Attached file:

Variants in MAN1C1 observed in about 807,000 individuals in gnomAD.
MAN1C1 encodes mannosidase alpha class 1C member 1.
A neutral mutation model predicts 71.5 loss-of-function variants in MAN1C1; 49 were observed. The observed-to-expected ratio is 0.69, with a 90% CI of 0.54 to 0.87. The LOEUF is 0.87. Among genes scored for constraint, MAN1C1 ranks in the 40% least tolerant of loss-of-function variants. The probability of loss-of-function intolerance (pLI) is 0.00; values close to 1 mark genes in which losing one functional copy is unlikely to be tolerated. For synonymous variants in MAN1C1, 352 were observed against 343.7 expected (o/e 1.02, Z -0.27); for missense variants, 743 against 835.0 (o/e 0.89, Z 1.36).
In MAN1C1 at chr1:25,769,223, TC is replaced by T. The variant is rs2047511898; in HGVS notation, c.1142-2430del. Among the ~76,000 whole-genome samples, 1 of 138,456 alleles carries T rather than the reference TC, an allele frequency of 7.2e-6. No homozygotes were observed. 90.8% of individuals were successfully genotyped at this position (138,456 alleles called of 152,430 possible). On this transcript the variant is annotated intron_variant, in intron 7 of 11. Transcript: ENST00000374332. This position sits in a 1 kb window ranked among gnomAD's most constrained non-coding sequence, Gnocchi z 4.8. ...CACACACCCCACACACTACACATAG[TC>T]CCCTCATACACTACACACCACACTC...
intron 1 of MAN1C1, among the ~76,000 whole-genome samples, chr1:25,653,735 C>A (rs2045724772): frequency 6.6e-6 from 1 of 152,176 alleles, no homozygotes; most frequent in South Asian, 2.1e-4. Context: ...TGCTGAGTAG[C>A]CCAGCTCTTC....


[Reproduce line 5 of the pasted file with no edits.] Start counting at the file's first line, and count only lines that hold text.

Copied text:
intron 1 of MAN1C1, among the ~76,000 whole-genome samples, chr1:25,653,735 C>A (rs2045724772): frequency 6.6e-6 from 1 of 152,176 alleles, no homozygotes; most frequent in South Asian, 2.1e-4. Context: ...TGCTGAGTAG[C>A]CCAGCTCTTC....